thepigandwhistle:

How to debone a chicken and make a damn mess (pics by the ole lady):

Get your muthafuckin mise on.  Chop the flats off the wings and leave the lil drums, slice down the back, cut the tendons on the lil drum drums.  Pull the drum and the breast away from the center mass leaving the tenderloins on the carcass, flip chicken over, dislocate hip joints, pull down the back of the chicken until you get the oysters exposed.  Cut them out and cut the tendons around the hips/thigh bones, brute force tug the center carcass away from the rest of the meat on the board.

Leave the thigh and drumstick bones together and scrape/push the meat away from the bones.  Break the bone at the little bottom knuckle with the back of your knife and remove the thigh and drum bone whole from the drum.  Take the tenderloins off the carcass and place in the absent meat space between the thigh and breast on each side.  You can take the little drumettes off now if you like.  Spice it, roll it up, bind it, cook it.

My schooling on this one came from Jacques Pepin.  The ole lady got me his french techniques book for Christmas last year and this is one of the cooler things in there.  He has a video on youtube making my technique look silly if you care to search it.  

Have fun dudes and duderinas.

thepigandwhistle:

A very special day at The Pig and Whistle.  That wonderful bone-in leg of lamb we cured for about fifteen days and hung to dry for about seventy came out of the curing chamber this afternoon.  Lamb prosciutto!

Covered in good mold that showed up naturally, we took it down, unbound it, and sliced some off in line with the bone.  Sweet, spicy, and full of great herbyness, this shit is off the couch.  A good intro to whole muscle, bone in, curing.

So happy right now.

This dude is the TRUTH.

thepigandwhistle:

How to make a hot dog:

Fatty beef, debone, grind, salt/pink salt, cure in fridge for two/three days, season, regrind, emulsify, sheep casings ho!, stuff, dry, smoke.

Grill, eat.

This dude.

trevorgeoffrey:

America’s Best Charcuterie.
Cured Meats
1. Speck: Olli Salumeria, Manakin, VA Imagine prosciutto that took a trip to Northern Italy, spent a few hours in a smokehouse, and got dusted with pepper. $11 for 4 oz., sliced; murrayscheese.com 2. Mocetta (Bresaola Piccola): Creminelli Prime Meats, Salt Lake City Think of bresaola—paper-thin air-dried beef—as jerky with an Italian accent.  $75 for 2.2 lb.; creminelli.com Pate 3. House-Made Rabbit Pate: Formaggio Kitchen, Cambridge, MA It’s hard not to like rabbit when it’s combined with pancetta, Madeira, and pistachios  and then wrapped in prosciutto. $13 for 1/2 lb.; formaggiokitchen.comCured Sausage 4. Chorizo Navarre: Olympic Provisions, Portland, OR Spanish chorizo (don’t confuse it with the fresh Mexican variety) gets its fiery red  color from smoked paprika and cayenne. $10 for about 6 oz.; olympicprovisions.com 5. Finochietta: Salumeria Biellese, NYC Classic Tuscan salami (flavored with both fennel seed and fennel pollen) from a legendary maker. $15 for 1 lb.; salumeriabiellese.comSpreads 6. Nduja: Boccalone, San Francisco The idea of soft, spicy salami may sound odd, but slathered on warm  bread, this Calabrian-style paste will no doubt become your latest  addiction. $24 for about 8 oz.; boccalone.com  7. Iowa White Spread: La Quercia, Norwalk, IA  An unctuous blend of cured prosciutto fat, ground coriander, rosemary,  and bay leaf. If butter went to heaven, this is what it would taste  like. $10 for 1 lb.; laquercia.usThe Oddball 8. Coffee Lomo: Salt & Time, Austin, TX  One of the crowning achievements of America’s recent charcuterie boom:  Spanish-style pork loin rubbed with wood-roasted coffee, chile, and  cumin, then cured for four months. $7 for 2 oz., sliced; saltandtime.com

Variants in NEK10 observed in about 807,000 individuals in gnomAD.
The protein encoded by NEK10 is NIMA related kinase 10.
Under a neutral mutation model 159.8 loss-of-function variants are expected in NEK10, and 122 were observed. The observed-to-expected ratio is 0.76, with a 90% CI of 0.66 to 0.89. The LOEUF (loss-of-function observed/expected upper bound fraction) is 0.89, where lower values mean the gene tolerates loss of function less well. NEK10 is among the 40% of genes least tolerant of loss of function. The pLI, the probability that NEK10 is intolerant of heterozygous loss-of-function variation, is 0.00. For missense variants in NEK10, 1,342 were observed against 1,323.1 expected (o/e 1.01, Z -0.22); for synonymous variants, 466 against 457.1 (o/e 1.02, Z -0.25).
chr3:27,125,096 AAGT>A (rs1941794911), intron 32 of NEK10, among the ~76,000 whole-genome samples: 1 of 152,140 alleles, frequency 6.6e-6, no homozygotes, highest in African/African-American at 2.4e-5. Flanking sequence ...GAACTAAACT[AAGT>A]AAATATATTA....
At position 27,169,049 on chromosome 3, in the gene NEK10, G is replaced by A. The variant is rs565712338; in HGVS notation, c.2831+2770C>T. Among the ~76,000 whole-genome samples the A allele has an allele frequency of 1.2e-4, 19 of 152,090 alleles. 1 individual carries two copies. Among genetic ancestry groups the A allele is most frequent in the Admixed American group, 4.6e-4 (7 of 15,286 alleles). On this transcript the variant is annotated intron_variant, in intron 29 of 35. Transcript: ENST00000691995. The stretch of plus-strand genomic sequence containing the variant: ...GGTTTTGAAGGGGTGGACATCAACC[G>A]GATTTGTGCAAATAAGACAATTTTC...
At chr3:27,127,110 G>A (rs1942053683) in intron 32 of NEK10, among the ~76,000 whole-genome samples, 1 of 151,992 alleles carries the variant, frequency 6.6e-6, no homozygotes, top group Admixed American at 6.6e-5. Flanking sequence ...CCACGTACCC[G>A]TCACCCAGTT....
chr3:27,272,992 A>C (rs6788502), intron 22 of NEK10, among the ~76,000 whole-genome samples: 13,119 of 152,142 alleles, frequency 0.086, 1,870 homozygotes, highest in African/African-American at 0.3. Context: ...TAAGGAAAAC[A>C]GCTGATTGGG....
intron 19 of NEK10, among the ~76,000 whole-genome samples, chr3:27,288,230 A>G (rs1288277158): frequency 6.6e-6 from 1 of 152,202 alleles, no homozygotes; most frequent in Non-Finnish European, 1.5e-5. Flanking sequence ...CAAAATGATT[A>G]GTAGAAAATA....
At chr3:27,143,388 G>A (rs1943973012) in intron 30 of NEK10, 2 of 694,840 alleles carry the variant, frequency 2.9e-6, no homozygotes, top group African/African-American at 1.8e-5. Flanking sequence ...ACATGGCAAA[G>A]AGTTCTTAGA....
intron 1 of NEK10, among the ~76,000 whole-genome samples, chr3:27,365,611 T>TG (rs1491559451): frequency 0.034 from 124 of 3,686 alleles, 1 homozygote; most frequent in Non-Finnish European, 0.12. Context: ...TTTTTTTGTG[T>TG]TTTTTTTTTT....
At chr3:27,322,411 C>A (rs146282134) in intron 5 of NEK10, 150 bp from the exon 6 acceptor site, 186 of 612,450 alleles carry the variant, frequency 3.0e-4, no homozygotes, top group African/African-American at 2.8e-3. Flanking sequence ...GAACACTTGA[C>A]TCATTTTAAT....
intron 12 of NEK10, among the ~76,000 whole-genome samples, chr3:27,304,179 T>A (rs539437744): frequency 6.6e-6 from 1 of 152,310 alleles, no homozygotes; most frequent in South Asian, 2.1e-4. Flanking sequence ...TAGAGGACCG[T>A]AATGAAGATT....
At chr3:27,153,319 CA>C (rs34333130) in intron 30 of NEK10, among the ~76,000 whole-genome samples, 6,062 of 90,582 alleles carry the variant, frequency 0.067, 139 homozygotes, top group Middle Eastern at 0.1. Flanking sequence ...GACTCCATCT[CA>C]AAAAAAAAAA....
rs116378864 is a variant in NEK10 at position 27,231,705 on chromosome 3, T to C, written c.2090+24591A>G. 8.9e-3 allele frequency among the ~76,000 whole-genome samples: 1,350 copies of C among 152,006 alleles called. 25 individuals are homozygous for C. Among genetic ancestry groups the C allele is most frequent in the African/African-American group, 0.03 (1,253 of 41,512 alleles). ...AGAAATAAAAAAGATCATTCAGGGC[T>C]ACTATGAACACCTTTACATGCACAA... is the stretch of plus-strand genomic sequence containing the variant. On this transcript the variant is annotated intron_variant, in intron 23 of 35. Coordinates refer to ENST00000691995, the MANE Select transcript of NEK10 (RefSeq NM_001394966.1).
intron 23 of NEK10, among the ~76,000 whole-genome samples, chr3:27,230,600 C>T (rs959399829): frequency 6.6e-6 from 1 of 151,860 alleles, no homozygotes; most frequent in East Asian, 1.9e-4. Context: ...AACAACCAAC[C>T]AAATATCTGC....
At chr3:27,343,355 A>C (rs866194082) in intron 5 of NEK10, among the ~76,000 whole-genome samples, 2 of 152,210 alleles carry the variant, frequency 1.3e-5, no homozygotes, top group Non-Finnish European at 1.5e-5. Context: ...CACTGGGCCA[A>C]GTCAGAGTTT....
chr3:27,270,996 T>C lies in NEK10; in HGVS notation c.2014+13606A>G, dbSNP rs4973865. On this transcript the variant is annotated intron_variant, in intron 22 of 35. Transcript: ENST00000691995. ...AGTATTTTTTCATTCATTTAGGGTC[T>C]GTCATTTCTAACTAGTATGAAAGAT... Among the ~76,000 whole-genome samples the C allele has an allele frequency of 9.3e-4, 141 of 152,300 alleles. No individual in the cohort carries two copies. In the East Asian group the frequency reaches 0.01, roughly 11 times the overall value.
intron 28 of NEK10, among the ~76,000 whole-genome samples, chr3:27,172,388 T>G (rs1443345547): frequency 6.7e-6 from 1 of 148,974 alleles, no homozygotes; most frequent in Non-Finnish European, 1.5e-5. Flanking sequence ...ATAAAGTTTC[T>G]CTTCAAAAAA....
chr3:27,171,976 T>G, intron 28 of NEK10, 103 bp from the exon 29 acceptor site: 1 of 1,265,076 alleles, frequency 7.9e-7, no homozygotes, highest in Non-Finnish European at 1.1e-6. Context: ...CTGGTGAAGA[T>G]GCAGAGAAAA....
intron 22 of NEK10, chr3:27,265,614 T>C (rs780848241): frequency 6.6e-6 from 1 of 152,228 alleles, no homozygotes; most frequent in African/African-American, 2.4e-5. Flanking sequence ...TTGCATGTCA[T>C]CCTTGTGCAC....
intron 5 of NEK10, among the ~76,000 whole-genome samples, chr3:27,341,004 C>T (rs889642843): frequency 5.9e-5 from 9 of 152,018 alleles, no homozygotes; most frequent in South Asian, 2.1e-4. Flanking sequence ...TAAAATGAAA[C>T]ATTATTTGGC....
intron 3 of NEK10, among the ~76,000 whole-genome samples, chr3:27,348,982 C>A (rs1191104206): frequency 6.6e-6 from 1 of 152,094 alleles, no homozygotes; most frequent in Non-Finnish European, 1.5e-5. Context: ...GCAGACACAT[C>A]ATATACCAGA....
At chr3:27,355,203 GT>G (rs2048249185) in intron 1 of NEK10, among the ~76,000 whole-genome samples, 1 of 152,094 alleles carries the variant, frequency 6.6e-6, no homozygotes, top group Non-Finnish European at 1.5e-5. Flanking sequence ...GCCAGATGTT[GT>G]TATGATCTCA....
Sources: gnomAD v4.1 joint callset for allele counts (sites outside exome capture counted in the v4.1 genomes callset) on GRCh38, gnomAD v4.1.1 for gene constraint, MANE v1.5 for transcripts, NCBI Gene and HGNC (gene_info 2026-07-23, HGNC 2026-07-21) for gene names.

I’ll be in my bunk

trevorgeoffrey:

America’s Best Charcuterie.

Cured Meats

1. Speck: Olli Salumeria, Manakin, VA
Imagine prosciutto that took a trip to Northern Italy, spent a few hours in a smokehouse, and got dusted with pepper. $11 for 4 oz., sliced; murrayscheese.com

2. Mocetta (Bresaola Piccola): Creminelli Prime Meats, Salt Lake City
Think of bresaola—paper-thin air-dried beef—as jerky with an Italian accent. $75 for 2.2 lb.; creminelli.com 

Pate

3. House-Made Rabbit Pate: Formaggio Kitchen, Cambridge, MA
It’s hard not to like rabbit when it’s combined with pancetta, Madeira, and pistachios and then wrapped in prosciutto. $13 for 1/2 lb.; formaggiokitchen.com

Cured Sausage

4. Chorizo Navarre: Olympic Provisions, Portland, OR
Spanish chorizo (don’t confuse it with the fresh Mexican variety) gets its fiery red color from smoked paprika and cayenne. $10 for about 6 oz.; olympicprovisions.com

5. Finochietta: Salumeria Biellese, NYC
Classic Tuscan salami (flavored with both fennel seed and fennel pollen) from a legendary maker. $15 for 1 lb.; salumeriabiellese.com

Spreads

6. Nduja: Boccalone, San Francisco
The idea of soft, spicy salami may sound odd, but slathered on warm bread, this Calabrian-style paste will no doubt become your latest addiction. $24 for about 8 oz.; boccalone.com

7. Iowa White Spread: La Quercia, Norwalk, IA
An unctuous blend of cured prosciutto fat, ground coriander, rosemary, and bay leaf. If butter went to heaven, this is what it would taste like. $10 for 1 lb.; laquercia.us

The Oddball

8. Coffee Lomo: Salt & Time, Austin, TX
One of the crowning achievements of America’s recent charcuterie boom: Spanish-style pork loin rubbed with wood-roasted coffee, chile, and cumin, then cured for four months. $7 for 2 oz., sliced; saltandtime.com

I’ll be in my bunk